Breech & Bicornuate Uterus

A unicornuate uterus happens when only half of the uterus develops. The shape is oblong and tubular. However, another unusual uterine shape can occur during the development of the female embryo, and is known as bicornuate.


What is a bicornuate uterus?

A bicornuate uterus has two sections divided by a septum, or wall, of tissue, and looks fairly heart-shaped. The halves are smaller than the womb with a single “room.” Babies may grow too big to flip head down in the bicornuate uterus, even as early as mid-pregnancy.

The bicornuate uterus adds a dimension beyond the straight forward descriptions upon which Belly Mapping® depends. An ultrasound may be warranted.

For a uniquely shaped uterus, the best time for helping fetal position is before 30 weeks. However, every unique uterus is …well, unique.

What techniques may help with a bicornuate uterus?

  • It’s best to do the First Principle of Spinning Babies® from as early in pregnancy as you can. Proactive women may begin bodywork or balancing exercises before pregnancy to improve the chance of a full-term, head-down baby. Be mindful of which exercises are safe in the first trimester.
  • Chiropractic, soft-tissue work and your own Forward-leaning Inversions may help release the broad and round ligaments. Specific stretches and exercises can release your psoas muscles.
  • A technique called Abdominal Release (or Diaphragmatic Release) is specifically helpful, as would be a Standing Release (a.k.a. Sacral Release).
  • Along with balancing activities for breech, drink 3-4 quarts of clear fluids a day, such as pure water or red raspberry leaf, chamomile, or hibiscus tea. (Milk is considered a solid as it turns to cheese in your stomach.)

An Aware Practitioner and some chiropractors/osteopaths may know these and other things that would help.

Do as much as you can arrange for the next 10 weeks. Pay attention to maternal positioning and don’t forget to Rest Smart. The most important time for fetal positioning is in the second trimester, not the third.

Cesarean birth with a unique uterus

A common question parents face is when to schedule a cesarean for a breech baby. An unusual uterine shape is less likely to keep pregnancy going past the due date compared to a fully developed uterus.

Dr. Michel Odent has a great idea about the importance of fetal catecholamine levels rising in labor. He asks that women who need cesarean births not schedule their cesareans before labor begins on its own, unless there are very clear indications – like a breech or transverse position, for instance.

A healthy mom can go to the hospital when labor begins and have a surgical birth if needed. Having a cesarean after labor begins on its own can help assure that the birth hormones are heightened. Birth hormones, such as the stress hormone catecholamine, protect the baby somewhat from respiratory problems related to the lack of labor hormones at the time of birth by surgery. Also, waiting until labor protects the baby from a possibility of an early birth (late prematurity) which is related to a higher infant mortality rate in the first year.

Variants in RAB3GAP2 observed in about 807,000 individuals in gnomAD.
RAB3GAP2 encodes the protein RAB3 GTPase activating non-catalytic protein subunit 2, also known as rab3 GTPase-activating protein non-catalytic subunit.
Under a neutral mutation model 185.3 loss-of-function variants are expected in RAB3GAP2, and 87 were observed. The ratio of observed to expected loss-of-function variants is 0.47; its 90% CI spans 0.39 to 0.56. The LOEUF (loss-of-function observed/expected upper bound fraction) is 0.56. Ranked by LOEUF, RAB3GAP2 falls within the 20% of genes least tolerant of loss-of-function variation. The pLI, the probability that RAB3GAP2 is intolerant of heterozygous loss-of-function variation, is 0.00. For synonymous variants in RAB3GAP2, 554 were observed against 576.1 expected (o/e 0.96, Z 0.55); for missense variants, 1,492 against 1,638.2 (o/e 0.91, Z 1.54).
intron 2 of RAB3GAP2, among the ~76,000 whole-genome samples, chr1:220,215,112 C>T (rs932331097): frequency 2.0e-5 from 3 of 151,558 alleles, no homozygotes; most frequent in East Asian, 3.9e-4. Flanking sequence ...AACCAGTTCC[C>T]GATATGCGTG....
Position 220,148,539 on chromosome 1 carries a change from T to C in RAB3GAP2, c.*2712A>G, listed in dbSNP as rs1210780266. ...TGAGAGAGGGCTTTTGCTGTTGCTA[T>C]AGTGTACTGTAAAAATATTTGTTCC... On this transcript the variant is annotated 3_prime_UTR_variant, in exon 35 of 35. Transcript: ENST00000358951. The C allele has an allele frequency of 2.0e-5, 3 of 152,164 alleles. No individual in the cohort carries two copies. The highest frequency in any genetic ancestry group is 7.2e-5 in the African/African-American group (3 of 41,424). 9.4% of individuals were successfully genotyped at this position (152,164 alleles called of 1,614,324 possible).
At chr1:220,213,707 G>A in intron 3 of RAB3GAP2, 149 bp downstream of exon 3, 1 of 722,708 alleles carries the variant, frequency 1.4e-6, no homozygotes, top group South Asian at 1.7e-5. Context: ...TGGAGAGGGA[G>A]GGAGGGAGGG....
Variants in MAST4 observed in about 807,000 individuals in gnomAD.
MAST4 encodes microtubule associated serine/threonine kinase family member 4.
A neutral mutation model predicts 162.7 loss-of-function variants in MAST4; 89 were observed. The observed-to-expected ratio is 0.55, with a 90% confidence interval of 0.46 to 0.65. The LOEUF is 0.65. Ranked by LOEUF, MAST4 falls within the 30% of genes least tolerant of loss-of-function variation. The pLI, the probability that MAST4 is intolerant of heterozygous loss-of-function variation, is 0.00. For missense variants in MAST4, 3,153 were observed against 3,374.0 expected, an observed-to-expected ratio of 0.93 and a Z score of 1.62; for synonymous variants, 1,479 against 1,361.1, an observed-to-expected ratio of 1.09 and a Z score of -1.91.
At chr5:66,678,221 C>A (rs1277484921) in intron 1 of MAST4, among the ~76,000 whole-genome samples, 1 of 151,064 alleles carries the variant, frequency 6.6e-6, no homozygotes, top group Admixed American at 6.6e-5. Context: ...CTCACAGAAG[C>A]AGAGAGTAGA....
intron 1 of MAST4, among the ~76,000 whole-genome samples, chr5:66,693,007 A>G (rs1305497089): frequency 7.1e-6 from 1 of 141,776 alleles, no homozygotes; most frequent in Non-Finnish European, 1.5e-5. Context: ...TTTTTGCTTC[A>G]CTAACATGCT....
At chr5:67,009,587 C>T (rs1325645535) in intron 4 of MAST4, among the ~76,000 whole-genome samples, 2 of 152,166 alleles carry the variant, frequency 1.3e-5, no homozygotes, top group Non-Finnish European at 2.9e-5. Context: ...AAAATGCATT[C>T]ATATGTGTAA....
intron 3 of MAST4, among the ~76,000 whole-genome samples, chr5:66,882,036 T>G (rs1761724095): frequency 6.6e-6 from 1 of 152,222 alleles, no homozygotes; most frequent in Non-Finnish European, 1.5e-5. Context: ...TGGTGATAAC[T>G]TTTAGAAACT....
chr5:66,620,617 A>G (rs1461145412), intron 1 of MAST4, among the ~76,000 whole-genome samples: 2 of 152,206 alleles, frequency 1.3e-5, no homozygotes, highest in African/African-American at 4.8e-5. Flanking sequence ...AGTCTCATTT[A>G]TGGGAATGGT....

So even if you schedule, waiting until a few days after your due date is more protective than scheduling before it. You may have to negotiate with your doctor about such a personalized plan though. The challenge will be in having the OR and staff available when you begin labor. If you live in a rural area, this will be extra challenging compared to living near a big city hospital where they have 24-hour, in-house staff able to conduct a cesarean before you give birth to a breech baby.

Vaginal birth with a unique uterus

Vaginal breech birth with your local doctors may also be an option. Having a unique uterus isn’t a reason not to try for a natural, physiologically-supported vaginal breech birth. If the baby can make the lateral flexion into the pelvis, the baby has a good chance of being born well vaginally. If the baby doesn’t have room to drop into the pelvis, contractions will have offered an advantage of preparing the baby’s lungs for birth and reducing the chance of one of the complications of cesarean birth — poor fluid absorption from the lungs after birth.

Labor, not “squeezing,” facilitates good absorption of fetal lung fluids. All the safety observations for breech birth apply, of course, as do all the expectations for good outcomes when “hands-off” and knee-chest maternal positions are observed.

In a blog post from Dr. Stuart Fischbein on My Best Birth, Dr. Fischbein says:

Unicornuate uteri often result in breech and preterm labor as you have noted. I am not aware that there is an increased risk of rupture in your case. Some women deliver vaginally with this problem and sometimes the labor is dysfunctional due to the shape of the uterus or associated malformations of the cervix and end up with a C-Section. If your doctor is supportive of VBAC and your baby cooperates with size and position, then you may give it a go. And you are right, there is not much literature other than anecdotal cases, so common sense and nature must prevail.

In Ina May Gaskin’s first birth book, Spiritual Midwifery, there is a description in the back section of a woman with a bicornuate uterus and a story of how her various births went. I think you may really appreciate this story.

Pin It on Pinterest